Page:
The cast does what it can with the material, and it was interesting to see folks like Joe Cocker, Bono, Salma Hayek and Eddie Izzard along for the ride in minor parts, but Across the Universe is such that I very nearly turned it off before it reached its inevitable conclusion - but I stuck it out was because I had to review it. But I won't make the mistake of watching it again.
Still, the 2007 film looks gorgeous in 4K and it sounds excellent as well. I just wish there were more meat on these bones.
The 4K HDR picture is really something to behold, though, especially in the "psychedelic" scenes where the filmmaker throws colours and textures at you - the kind of stuff for which 4K is the best. Blacks are deep and detail is as fine as you could want it. It features a bright and broad colour palette that leaps off the screen and nearly into your lap.
The audio is Dolby Atmos, which is backward compatible to work on "lesser" home theatre audio systems, and it sounds very good. The music is the main focus (as it should, especially considering the screenplay…) Most of the music is front-centred, which is fine, but all the home theatre's speakers are made good use of throughout the film, including the scenes of riots and conflict. It's a very dynamic soundtrack.
Extras include an audio commentary with director Taymor and composer Elliot Goldenthal (I guess Lennon and McCartney weren't available - well, Lennon anyway). It's interesting to hear them talk about the original songs, and how they were "reimagined" for the film, even though I wish they hadn't.
There are also some decent documentaries, including "Creating the Universe," "Stars of Tomorrow" (the cast, obviously), "All About the Music," (guess what it's about!), and more. There's also a deleted scene. The supplements are probably better than the film warrants (though, as always, your mileage may vary).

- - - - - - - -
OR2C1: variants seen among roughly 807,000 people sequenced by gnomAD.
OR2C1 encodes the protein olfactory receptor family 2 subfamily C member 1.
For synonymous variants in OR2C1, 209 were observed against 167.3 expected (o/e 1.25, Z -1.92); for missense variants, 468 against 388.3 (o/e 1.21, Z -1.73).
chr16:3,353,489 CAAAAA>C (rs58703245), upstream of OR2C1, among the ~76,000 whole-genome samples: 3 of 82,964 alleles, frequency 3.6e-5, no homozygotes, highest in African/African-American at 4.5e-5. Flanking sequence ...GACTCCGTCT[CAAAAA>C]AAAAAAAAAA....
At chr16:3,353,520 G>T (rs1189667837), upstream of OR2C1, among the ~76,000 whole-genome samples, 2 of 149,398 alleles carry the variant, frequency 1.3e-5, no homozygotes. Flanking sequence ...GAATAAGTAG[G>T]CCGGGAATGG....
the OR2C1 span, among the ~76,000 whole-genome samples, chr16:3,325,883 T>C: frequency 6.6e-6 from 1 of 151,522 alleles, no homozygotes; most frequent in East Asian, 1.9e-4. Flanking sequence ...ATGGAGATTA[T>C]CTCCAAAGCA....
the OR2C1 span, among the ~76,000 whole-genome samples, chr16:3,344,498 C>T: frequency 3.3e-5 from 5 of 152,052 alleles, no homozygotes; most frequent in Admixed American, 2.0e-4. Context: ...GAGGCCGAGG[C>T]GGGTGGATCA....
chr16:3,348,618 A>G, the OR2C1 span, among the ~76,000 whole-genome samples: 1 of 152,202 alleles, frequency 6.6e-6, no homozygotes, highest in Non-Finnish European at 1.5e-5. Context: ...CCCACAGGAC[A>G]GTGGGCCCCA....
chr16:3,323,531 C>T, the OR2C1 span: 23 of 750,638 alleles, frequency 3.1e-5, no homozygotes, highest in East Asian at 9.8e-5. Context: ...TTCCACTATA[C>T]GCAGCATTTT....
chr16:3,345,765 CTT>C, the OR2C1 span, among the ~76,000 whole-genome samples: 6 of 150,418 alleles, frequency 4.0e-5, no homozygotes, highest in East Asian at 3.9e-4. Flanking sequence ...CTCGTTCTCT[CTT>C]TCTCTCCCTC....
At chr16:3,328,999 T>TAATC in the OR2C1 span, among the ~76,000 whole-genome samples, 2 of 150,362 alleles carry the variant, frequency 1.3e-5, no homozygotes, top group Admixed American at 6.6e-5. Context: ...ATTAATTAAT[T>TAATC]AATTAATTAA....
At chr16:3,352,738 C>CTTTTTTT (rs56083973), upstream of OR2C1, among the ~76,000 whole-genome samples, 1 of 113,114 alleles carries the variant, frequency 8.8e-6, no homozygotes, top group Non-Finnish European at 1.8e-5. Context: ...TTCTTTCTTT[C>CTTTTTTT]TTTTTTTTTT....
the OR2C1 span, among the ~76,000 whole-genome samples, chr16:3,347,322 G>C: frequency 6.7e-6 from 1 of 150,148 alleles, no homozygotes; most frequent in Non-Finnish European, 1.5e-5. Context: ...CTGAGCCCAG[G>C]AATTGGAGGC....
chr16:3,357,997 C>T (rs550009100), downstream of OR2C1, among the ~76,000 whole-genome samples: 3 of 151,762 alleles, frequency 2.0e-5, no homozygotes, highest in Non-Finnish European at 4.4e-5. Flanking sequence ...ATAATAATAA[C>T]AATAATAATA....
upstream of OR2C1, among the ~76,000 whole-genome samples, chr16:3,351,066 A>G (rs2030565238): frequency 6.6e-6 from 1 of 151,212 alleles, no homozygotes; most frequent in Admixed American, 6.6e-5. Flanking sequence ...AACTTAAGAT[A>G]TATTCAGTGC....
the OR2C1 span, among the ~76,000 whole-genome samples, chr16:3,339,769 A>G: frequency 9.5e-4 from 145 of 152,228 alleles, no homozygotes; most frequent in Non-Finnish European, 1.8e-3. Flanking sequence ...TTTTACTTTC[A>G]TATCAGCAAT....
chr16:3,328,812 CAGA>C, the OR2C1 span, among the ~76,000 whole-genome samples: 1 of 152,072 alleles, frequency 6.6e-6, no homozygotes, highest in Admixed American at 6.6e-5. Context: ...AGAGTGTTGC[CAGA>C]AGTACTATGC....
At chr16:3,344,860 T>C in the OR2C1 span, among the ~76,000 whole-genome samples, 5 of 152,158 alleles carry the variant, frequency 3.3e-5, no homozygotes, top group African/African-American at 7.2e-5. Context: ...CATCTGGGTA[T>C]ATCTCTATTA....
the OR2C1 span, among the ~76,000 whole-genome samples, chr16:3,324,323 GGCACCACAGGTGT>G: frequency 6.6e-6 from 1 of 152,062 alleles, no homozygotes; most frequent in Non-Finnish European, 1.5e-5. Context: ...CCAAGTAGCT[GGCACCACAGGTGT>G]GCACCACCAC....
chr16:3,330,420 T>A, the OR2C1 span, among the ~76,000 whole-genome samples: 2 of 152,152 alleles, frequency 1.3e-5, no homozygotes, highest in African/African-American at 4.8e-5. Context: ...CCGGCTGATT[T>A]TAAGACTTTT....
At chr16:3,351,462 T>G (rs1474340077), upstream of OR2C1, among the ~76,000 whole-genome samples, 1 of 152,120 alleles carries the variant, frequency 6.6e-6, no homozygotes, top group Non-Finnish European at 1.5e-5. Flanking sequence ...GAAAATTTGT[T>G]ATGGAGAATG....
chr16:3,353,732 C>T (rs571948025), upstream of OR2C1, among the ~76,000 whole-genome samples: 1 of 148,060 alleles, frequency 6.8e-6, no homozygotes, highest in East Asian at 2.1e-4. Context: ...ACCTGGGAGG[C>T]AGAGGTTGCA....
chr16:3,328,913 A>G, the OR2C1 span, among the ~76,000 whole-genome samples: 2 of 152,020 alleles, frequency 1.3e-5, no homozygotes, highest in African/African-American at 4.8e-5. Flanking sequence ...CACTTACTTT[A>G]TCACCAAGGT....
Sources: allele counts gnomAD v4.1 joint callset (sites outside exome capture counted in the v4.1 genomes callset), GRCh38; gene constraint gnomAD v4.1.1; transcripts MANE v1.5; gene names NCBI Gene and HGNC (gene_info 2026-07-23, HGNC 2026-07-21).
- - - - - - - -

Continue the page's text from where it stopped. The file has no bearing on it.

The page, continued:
Meanwhile, Dean Devlin's Geostorm makes Across the Universe look like a masterpiece. It's your typical modern disaster flick, and one that adds nothing new to the panoply of disaster flicks that have come before it.
It's also a liberal fantasy that starts with catastrophic climate change threatening to lay waste to the entire world until countries of the world come together in a big kumbaya moment to design and build "the Dutch Boy" program, a system of satellites and stuff orbiting the Earth that can bomb the fury out of Mother Nature, which sounds awfully judgemental.
Dutch Boy has been working flawlessly for a couple of years, so much so that the United States, who spearheaded the project, is getting ready to hand over control to the international community. But then things start going awry, leading to some interesting special effects scenes and pulling star Gerard Butler (whose career must be in trouble now, if not before Geostorm) out of retirement and sending him into orbit to troubleshoot the Dutch Boy, named after the tale of the young Nederlander who stuck his finger into a dyke to stop a flood.